FWD: SGML URC spec comments (3/4)

Ronald E. Daniel (rdaniel@acl.lanl.gov)
Fri, 23 Jun 1995 12:52:16 -0600


From: "Ronald E. Daniel" <rdaniel@acl.lanl.gov>
Message-Id: <9506231252.ZM5744@idaknow.acl.lanl.gov>
Date: Fri, 23 Jun 1995 12:52:16 -0600
To: uri@bunyip.com
Subject: FWD: SGML URC spec comments (3/4)

This is Brian's reply to my reply. 

--- Forwarded mail from Brian Behlendorf <brian@organic.com>

Date: Fri, 23 Jun 1995 01:39:51 -0700 (PDT)
From: Brian Behlendorf <brian@organic.com>
Subject: Re: Agent-mediated access (was Re: Criticism of Kidcode...)
To: "Ron Daniel Jr." <rdaniel@acl.lanl.gov>

On Wed, 21 Jun 1995, Ron Daniel Jr. wrote:
> Thanks for the quick turnaround on your comments. May I have your permission
> to forward your message to the URI list?

Um, sure, if it doesn't expose my ignorance too much :)

> > Well, in the object-oriented model, "POST" is not just a way to send more
> > information up the pipe in the request.  "POST" is defined to be an action
> > which modifies a resource or creates a new resource; thus, the request and
> > the response is never cached automatically.  Meanwhile, "GET" is defined to
> > be idempotent - it doesn't change anything, and thus it can be cached and is
> > considered "safer".  Now, you and I know that there are scripts out there 
> > that violate this - I've built several myself.  However, the 
> > object-oriented model is something we should try and keep sacrosanct, in 
> > specification at least.
> 
> Yeah, GET would be the clean choice, I just recall having argument length
> problems with it. I haven't tested any of the new servers for such problems.
> Do you know what the limits are for Apache?

There's a new version being tested that does away almost completely with 
static memory allocation, meaning it could be as long as needed, I 
think... but there's still limits in caches and proxy servers that need 
to be considered.  Ugh. 

> Hmmm. I don't see URCs as analogous to SOAs, at least as far as I know about
> SOAs. An SOA implies authoritative information. I don't regard URCs as
> authoritative. Which is more authoritative - the publisher's URC for a
> resource, the Library of Congress' (which will be prepared to a higher
> standard), or any of the other URCs that can exist for a resource. This is
> related to a later question of yours about non-publisher supplied metadata.

This is true, however I need a way to tell if a URC I find is a recent 
copy, is still "fresh", yes?  I guess that's not much different than 
asking a proxy asking a server if a given HTML document is fresh (by 
sending an if-modified-since request)....

> This issue keeps coming up, so I am not doing a good job explaining that
> anyone who wants to can establish a URC for a resource. It is just a question
> of how to find it. 

Aaah, okay.  Now the SOAP solution becomes clear.

> The publisher's URC is the "default" URC for a resource
> since under most URN models, the publisher's name is used in the resolution
> process. However, I could have a browser that talks to a particular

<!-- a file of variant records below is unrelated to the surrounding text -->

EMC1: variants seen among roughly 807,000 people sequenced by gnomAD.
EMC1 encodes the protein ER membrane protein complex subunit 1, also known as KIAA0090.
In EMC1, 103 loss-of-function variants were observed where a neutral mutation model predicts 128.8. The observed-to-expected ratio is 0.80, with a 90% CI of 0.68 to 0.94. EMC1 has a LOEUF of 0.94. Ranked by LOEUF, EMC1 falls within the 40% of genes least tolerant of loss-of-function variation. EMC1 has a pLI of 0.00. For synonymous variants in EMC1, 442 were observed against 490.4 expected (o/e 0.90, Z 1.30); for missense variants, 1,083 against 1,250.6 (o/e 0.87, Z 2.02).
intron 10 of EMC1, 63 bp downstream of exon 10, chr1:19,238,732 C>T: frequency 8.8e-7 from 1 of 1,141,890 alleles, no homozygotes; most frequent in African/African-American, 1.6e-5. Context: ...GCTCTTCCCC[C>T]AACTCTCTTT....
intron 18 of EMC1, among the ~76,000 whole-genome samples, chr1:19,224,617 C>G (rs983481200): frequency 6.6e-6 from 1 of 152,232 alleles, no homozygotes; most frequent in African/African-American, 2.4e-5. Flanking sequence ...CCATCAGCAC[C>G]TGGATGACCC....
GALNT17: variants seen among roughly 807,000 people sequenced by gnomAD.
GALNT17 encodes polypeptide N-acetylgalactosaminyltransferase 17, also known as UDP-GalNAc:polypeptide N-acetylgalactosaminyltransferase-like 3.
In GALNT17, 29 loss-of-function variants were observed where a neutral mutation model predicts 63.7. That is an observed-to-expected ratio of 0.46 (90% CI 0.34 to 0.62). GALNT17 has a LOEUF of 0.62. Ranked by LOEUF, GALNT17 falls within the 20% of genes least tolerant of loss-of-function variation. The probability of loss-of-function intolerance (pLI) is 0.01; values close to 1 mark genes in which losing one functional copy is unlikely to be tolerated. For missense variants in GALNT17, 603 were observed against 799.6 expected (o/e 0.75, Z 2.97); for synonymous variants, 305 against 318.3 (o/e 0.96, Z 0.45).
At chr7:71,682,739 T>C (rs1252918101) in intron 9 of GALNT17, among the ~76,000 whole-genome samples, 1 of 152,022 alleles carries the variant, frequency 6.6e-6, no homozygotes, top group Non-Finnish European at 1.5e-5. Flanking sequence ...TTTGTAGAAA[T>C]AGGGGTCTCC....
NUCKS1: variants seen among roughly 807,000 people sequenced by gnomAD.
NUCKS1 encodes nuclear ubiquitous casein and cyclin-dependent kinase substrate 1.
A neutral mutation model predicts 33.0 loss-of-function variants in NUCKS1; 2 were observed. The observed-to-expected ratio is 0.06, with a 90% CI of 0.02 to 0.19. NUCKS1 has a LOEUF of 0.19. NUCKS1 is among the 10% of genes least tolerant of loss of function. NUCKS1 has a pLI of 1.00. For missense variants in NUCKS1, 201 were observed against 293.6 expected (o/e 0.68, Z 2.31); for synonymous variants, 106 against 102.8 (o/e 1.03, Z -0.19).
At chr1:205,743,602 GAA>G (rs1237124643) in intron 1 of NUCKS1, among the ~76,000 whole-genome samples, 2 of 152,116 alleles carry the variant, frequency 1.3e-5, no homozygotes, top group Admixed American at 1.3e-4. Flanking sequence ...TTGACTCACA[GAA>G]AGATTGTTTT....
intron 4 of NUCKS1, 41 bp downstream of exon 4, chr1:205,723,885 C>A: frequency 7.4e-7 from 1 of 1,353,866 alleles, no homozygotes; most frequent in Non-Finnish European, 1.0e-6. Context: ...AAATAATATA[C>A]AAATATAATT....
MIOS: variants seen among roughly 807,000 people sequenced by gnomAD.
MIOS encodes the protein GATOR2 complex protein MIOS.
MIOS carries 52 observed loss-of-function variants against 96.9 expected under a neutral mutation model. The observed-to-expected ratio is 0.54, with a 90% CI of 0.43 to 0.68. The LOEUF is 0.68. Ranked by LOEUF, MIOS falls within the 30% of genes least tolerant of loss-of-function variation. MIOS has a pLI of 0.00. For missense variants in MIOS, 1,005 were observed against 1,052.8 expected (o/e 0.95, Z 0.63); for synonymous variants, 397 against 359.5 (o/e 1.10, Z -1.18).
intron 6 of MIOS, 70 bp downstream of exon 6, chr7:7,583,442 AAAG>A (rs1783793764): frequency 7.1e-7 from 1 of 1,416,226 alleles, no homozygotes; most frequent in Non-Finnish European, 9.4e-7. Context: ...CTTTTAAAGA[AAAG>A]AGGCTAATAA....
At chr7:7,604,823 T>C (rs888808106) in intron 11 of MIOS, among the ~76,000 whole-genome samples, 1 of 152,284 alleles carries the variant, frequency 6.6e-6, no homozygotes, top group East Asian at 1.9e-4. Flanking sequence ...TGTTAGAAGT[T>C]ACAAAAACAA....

> URC resolver by default, such as the one at the schools firewall that
> snarfs the PTA's URCs nightly. I could use a URL to connect to OCLC's
> URC server, give it a URN, and get their URC for the resource.

Okay, that all makes sense.

> If the VRML folks define a naming scheme, and basic URCs for common
> objects, VRML developers could use those names, provide URLs for their
> own objects, and away you go.

It's the naming scheme that I'm unclear on, but I need to read more URN 
stuff I suppose.  For the time being we'll be setting up an object 
hierarchy under http://www.vrml.org/objects/ or some such, with the hope 
that this resource will be replicated to large servers elsewhere.
i'm supposing from a quick glance that a generic teapot might be 
something like:

<URN:vrml:www.vrml.org:teaport>

?

> Have you seen the PRDM work out of Stanford? Take a look at <URL:http://
> www-diglib.stanford.edu/rmr/TR/TR.html> if not. This is the sort of
> annotation system that I have in mind.

I've had a lot of conversations with Christian Mogensen about stuff like 
this.  I definitely think this is the right direction.  In fact, I hope 
they're writing a Java front end to handle the extra GUI for these 
functionalities.  While at HotWired I tried to wrestle with this for HW's 
conferencing system, and even came up with a cool design using a LINK 
HTTP method, but obviously the inability to change or influence client 
extensions to support this made it imposible for that situation.  
However, with Java... 

> > Compelling applications!  That's all you need, history tells us :)
> 
> True, quite true.

I'll do my bit to get this into web sites we build, as long as the 
clients are built by someone!

	Brian

--=-=-=-=-=-=-=-=-=-=-=-=-=-=-=-=-=-=-=-=-=-=-=-=-=-=-=-=-=-=-=-=-=-=-=-=-=--
brian@organic.com  brian@hyperreal.com  http://www.[hyperreal,organic].com/



---End of forwarded mail from Brian Behlendorf <brian@organic.com>

-- 
Ron Daniel Jr.                email: rdaniel@acl.lanl.gov
Advanced Computing Lab        voice: (505) 665-0597
MS B-287  TA-3  Bldg. 2011      fax: (505) 665-4939
Los Alamos National Lab        http://www.acl.lanl.gov/~rdaniel/
Los Alamos, NM,  87545    tautology: "Conformity is very popular"